'Eagle', produced by TG Vishwa Prasad of People Media Factory, was released in theatres today (February 9). In this section, we are going to review the latest BO release.
Eagle aka Sahadev is a professional sniper. He is the world's most-wanted assassin who comes with a heavy past. A report by a journalist named Nalini Rao (Anupama Parameswaran) spirals out of control when the government agencies muzzle the voice of the media. Eagle, who has been living in Talakona and looking after a cotton factory, is drawn into a high-stakes game. How he deals with rebels and terrorists, an evil industrialist and a hostile government, forms the rest of the story.
Ravi Teja stylizes the film with his incisive delivery. The film would have been comprehensively deprived of charisma had it not been for him. Anupama brings performance more than glamour to the table. Kavya Thapar of 'Ek Mini Katha' fame is average; her scenes lack the zing.
Navdeep gets to play one of the strongest roles of his career but poor writing drowns him. Srinivas Avasarala as a sleuth is barely believable; one wonders why he brings the same attitude to every role that he plays. Madhubala fakes excitement and command. Ajay Gosh is intermittently funny in the role of an MLA whom the hero never cares about. Vinay Rai, Praneeta Patnaik and Nithin Mehta are also seen.
Davzand's background score livens up the Poland portions. 'Adu Macha', the mass song rendered by Rahul Sipligunj, is well-choreographed. 'Gallanthe' is dull. The camera has been wielded by the Karthik Gattamneni-Karm Chawla-Kamil Plocki trio. Production Designer Srinagendra Tangala stages the scenes with confidence.
People Media Factory unleashes mind-blowing production values. The banner is fast becoming one of the biggest pillars in the Indian film industry, investing in the ecosystem of cinema. Its upcoming star vehicles will be even more splendid.
Writer, editor, director Karthik Gattamneni infuses the narrative with heavy-duty lines. Ravi Teja is portrayed as 'Prakruthi vipatthu' and 'Vidhwamsam', with multiple hype bros glorifying his prowess every alternative scene. All this builds a sense of mystique around Sahadev aka Eagle, but they don't add up. The climax could have been far more explosive.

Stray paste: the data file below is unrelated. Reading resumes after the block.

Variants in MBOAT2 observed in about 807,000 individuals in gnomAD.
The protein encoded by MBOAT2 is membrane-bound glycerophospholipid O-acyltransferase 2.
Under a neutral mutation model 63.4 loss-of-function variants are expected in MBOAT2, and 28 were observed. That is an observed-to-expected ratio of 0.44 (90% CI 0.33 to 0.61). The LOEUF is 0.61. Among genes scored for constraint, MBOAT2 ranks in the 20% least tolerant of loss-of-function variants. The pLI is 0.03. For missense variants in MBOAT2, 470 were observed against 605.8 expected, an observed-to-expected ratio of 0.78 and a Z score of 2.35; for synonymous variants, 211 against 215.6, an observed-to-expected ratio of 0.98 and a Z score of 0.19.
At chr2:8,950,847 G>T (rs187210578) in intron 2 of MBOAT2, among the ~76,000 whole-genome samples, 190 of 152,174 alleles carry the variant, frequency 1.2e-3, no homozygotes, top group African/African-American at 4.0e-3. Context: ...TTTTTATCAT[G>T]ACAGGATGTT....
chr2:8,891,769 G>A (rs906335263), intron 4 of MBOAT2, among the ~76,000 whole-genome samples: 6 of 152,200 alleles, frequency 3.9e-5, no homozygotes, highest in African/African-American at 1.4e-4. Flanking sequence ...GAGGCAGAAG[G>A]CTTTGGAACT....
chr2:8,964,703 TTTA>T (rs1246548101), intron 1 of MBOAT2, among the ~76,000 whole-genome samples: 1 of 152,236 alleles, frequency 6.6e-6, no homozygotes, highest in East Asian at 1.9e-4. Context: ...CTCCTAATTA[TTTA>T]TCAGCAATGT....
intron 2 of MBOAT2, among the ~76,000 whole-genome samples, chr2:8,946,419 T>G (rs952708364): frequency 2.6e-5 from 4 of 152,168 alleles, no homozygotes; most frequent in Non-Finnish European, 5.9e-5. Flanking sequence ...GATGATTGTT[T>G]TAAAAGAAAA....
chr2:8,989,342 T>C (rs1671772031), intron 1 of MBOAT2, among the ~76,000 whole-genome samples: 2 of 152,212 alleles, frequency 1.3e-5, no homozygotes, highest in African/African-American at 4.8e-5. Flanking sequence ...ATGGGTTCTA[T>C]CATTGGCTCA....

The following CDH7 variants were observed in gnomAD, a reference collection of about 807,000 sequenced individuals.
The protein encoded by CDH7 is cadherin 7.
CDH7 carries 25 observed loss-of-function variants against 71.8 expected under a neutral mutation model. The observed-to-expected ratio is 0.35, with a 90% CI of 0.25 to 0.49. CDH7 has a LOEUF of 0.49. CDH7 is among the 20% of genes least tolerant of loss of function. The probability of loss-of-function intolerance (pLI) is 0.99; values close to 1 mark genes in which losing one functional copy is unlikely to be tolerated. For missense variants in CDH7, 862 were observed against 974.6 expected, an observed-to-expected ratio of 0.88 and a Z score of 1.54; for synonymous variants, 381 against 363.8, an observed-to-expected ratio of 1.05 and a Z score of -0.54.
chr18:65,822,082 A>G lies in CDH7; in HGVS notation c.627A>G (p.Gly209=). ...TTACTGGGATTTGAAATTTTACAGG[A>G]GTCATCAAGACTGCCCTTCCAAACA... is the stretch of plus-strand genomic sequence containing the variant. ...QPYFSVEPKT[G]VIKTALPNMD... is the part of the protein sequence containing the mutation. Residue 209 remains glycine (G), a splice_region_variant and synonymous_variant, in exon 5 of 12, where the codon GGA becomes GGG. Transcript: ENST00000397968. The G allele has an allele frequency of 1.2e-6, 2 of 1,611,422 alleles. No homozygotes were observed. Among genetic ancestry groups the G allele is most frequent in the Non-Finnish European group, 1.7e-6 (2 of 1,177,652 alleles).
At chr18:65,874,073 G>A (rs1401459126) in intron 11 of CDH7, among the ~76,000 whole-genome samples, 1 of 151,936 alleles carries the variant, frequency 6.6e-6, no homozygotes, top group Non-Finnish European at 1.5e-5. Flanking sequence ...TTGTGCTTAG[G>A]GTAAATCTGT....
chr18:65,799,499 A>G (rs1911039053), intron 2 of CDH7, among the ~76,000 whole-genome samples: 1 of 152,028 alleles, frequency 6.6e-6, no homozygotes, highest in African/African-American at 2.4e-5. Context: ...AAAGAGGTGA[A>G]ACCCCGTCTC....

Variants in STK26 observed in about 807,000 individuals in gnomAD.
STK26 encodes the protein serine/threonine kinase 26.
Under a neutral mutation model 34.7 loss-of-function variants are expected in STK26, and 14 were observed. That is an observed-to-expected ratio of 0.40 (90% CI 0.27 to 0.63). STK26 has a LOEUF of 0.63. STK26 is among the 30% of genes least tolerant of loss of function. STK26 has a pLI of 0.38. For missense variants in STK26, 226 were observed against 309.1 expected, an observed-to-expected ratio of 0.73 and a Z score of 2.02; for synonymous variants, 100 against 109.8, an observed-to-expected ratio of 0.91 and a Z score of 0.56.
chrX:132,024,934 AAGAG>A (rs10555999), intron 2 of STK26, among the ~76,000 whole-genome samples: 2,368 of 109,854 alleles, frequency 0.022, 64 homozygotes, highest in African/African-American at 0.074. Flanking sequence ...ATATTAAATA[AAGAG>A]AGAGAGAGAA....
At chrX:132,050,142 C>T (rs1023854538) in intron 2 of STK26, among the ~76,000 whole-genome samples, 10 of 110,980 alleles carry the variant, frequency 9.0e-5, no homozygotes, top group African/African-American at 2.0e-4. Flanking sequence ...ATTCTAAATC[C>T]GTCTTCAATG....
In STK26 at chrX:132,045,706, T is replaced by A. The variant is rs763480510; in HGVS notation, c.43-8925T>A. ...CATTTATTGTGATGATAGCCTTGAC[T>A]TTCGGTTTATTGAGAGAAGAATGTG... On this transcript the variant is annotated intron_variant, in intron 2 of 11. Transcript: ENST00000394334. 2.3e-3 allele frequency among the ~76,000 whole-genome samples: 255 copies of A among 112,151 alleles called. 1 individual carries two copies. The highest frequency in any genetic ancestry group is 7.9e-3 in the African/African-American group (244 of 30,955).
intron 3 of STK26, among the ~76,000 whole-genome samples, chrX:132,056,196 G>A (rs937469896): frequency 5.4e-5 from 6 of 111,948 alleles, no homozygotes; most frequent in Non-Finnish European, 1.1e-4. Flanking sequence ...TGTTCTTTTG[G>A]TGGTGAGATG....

The inspiration from the 'KGF' template is direct and basic. At the writing level, we can vividly sense what some portions are up to. They go into making Eagle look like Tollywood's Rocky Bhai, if not Rambo. The power games involving politicians, the work dynamics at investigative agencies, the modus operandi of both sleuths and criminals, the confluence between Maoists and Terrorists and such elements don't come together to make 'Eagle' a great film.
The locations range from Ghaziabad to Poland, from London to somewhere in the Western Ghats, and from the Dandakaranya to Talakona. From a remote-controlled gate to punchlines from the hero, from greedy machine guns to smoke bombs, from a child narrator to more, the film is padded by dialogues written by Manibabu Karanam.
The ideas dotting the screenplay become monotonous, especially in the first half. Every scene is about someone or the other holding out threats or warnings. It is about subjecting one or another character to shock and awe. And it is about the male lead showing his strength. Putting the comedians in fearsome situations doesn't work all the time. It feels artificial when Srinivas Reddy fakes it while Ajay Ghosh doubles down.
'Eagle' is an action comedy at one level. But more than anything, it blends espionage thrills with slick action. Monotonous scenes are a letdown.